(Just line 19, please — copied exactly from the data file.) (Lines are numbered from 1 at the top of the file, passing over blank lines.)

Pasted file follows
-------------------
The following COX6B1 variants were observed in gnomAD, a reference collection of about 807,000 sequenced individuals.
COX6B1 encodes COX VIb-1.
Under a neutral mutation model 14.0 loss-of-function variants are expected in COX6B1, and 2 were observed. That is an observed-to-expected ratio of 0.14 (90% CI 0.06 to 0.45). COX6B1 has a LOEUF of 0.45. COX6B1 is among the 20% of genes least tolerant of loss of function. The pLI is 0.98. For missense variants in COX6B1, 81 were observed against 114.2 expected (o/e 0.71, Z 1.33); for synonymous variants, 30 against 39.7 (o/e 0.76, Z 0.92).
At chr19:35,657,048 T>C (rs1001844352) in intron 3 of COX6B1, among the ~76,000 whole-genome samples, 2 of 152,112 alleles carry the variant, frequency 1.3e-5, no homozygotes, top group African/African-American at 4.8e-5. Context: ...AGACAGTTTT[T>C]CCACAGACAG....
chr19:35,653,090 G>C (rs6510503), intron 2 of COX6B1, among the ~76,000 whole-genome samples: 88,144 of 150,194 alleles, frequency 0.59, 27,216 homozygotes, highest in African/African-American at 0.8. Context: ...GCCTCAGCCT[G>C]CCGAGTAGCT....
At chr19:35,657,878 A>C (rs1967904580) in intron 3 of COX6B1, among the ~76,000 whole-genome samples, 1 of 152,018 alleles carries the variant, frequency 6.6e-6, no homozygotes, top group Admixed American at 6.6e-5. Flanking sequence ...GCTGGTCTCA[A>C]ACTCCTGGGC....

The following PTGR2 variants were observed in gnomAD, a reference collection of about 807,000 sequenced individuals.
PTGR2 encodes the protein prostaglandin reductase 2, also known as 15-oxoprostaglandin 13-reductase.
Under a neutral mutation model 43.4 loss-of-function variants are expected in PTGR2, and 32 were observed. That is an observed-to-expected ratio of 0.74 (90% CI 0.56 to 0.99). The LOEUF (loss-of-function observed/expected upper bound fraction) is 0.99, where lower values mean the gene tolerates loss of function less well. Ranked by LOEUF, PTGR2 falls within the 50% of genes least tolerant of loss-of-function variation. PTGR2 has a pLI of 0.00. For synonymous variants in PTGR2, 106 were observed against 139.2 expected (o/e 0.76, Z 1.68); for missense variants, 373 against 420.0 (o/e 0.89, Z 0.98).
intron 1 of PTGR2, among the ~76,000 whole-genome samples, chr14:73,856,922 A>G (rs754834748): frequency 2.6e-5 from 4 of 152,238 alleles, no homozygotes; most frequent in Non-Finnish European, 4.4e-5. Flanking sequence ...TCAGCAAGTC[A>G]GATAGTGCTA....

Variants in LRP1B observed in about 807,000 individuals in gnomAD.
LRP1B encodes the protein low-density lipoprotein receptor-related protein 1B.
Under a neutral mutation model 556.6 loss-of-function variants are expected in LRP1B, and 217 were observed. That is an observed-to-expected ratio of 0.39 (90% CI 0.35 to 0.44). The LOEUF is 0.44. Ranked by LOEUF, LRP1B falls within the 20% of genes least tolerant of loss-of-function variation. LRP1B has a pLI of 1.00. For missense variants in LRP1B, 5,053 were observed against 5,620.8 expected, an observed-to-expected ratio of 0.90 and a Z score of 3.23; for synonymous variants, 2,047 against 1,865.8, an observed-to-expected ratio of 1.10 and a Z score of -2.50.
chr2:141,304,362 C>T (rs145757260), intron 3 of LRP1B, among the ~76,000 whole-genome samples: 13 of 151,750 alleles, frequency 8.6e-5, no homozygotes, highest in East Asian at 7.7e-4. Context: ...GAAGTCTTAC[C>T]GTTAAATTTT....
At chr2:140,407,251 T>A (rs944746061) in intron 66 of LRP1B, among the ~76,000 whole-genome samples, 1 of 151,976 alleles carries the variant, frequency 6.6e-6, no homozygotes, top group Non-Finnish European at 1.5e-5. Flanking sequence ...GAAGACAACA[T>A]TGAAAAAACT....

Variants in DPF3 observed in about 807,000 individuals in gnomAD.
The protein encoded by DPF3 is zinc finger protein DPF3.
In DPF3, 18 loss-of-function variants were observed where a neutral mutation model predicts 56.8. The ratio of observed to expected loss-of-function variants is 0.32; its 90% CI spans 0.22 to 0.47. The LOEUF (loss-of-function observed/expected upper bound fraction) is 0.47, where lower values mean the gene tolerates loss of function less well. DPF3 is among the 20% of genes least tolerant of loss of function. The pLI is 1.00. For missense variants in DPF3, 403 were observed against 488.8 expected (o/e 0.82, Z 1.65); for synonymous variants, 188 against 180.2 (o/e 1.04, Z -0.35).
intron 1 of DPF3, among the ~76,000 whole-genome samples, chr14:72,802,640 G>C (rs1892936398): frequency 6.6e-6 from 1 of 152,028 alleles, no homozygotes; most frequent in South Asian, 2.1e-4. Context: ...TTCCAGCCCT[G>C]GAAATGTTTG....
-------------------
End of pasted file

intron 1 of DPF3, among the ~76,000 whole-genome samples, chr14:72,802,640 G>C (rs1892936398): frequency 6.6e-6 from 1 of 152,028 alleles, no homozygotes; most frequent in South Asian, 2.1e-4. Context: ...TTCCAGCCCT[G>C]GAAATGTTTG....